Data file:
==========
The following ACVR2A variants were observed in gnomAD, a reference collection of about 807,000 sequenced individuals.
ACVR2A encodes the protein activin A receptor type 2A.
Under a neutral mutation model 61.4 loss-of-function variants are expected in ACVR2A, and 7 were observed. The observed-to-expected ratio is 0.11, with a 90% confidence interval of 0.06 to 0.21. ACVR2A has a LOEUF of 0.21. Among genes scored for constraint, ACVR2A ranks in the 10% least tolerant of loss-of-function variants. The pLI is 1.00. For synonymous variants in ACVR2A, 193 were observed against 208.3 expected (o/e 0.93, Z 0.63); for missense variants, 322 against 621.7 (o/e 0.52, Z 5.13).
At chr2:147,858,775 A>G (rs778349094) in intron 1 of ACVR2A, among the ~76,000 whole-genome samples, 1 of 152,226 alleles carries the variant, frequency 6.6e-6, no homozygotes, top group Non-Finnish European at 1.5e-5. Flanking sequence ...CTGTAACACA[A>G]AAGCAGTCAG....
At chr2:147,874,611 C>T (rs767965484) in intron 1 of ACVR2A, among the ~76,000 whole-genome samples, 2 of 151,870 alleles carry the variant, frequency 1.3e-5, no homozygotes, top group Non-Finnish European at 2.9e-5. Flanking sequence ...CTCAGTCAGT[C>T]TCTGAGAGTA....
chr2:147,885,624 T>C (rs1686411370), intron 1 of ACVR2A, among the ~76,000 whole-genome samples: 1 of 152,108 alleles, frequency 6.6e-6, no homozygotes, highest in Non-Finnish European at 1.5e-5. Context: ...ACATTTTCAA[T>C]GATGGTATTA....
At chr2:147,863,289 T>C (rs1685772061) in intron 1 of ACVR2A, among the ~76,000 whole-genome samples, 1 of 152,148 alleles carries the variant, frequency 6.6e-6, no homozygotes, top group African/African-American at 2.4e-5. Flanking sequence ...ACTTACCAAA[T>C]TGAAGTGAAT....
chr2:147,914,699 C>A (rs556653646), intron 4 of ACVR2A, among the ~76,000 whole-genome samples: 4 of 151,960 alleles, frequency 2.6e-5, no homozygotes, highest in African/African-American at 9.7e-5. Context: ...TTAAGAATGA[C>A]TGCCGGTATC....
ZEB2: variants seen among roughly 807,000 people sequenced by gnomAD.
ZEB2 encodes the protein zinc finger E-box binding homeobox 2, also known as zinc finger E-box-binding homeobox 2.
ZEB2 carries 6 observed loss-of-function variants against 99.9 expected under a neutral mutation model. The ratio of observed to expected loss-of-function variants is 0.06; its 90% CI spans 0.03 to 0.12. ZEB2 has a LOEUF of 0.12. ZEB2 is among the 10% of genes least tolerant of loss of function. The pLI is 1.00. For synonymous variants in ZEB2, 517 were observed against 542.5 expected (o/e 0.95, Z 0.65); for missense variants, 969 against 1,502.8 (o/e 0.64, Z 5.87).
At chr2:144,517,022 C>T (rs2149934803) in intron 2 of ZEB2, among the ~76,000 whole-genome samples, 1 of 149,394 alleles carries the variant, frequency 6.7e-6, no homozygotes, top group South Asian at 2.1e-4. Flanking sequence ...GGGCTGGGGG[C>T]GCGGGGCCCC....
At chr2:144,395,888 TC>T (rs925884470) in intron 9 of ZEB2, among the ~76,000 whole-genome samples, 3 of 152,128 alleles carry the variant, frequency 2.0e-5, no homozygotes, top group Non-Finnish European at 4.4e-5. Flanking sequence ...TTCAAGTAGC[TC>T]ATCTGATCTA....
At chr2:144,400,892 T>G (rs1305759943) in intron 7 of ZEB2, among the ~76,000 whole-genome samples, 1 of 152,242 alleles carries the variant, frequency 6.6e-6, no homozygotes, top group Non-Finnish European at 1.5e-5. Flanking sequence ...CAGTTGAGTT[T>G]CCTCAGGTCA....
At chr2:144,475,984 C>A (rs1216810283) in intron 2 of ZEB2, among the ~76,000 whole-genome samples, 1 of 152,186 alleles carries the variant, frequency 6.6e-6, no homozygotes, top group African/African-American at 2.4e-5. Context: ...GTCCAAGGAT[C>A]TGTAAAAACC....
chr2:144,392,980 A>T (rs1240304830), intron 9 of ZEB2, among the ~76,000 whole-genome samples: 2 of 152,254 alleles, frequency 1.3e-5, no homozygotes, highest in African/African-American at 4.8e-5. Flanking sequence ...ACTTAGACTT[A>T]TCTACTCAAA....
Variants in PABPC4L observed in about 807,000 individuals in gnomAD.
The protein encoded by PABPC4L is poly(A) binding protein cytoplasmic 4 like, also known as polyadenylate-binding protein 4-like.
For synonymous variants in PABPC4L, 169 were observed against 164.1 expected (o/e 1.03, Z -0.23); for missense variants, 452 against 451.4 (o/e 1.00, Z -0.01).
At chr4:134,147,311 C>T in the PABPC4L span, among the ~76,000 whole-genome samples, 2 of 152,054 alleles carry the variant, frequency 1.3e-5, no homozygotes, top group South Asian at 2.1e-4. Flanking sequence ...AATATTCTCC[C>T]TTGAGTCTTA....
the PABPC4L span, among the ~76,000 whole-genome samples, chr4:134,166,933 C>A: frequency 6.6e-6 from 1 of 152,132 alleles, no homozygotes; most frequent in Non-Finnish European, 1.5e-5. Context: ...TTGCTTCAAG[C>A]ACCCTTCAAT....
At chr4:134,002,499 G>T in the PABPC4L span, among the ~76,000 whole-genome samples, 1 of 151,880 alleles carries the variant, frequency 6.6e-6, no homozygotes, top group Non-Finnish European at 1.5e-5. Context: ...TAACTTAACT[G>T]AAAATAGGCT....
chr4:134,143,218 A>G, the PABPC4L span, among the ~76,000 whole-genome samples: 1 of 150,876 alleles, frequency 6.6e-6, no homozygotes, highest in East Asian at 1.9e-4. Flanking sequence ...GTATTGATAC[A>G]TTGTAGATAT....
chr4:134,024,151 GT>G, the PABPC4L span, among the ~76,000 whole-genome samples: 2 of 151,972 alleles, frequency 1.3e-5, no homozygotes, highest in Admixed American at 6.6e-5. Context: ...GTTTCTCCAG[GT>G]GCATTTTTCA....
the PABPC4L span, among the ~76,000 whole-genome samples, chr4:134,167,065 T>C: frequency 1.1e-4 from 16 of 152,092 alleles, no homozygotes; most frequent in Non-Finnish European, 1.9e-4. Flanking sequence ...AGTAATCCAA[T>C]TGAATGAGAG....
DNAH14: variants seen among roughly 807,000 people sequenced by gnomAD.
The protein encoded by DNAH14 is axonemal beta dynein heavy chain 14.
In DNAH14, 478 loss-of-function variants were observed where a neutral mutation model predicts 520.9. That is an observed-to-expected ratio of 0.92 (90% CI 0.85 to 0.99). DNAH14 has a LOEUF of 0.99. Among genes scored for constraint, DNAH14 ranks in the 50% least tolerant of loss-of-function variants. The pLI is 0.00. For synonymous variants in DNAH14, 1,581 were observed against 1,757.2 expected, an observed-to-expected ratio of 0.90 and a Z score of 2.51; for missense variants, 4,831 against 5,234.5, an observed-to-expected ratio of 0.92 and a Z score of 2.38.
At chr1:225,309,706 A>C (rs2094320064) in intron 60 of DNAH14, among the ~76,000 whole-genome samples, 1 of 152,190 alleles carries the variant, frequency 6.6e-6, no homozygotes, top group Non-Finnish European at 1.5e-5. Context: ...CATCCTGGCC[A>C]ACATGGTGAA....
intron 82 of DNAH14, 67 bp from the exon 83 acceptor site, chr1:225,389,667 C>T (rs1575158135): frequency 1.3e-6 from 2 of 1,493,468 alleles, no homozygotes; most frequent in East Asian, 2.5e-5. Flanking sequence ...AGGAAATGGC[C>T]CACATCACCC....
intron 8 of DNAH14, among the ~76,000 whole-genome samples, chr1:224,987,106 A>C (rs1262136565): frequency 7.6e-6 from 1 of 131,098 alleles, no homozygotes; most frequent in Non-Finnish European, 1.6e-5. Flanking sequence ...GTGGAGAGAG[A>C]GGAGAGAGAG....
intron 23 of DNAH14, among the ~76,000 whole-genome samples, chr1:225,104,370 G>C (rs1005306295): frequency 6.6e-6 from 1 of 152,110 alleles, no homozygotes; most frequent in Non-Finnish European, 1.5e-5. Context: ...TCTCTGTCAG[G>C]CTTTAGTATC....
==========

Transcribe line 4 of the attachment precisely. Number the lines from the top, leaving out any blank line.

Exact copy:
At chr2:147,858,775 A>G (rs778349094) in intron 1 of ACVR2A, among the ~76,000 whole-genome samples, 1 of 152,226 alleles carries the variant, frequency 6.6e-6, no homozygotes, top group Non-Finnish European at 1.5e-5. Flanking sequence ...CTGTAACACA[A>G]AAGCAGTCAG....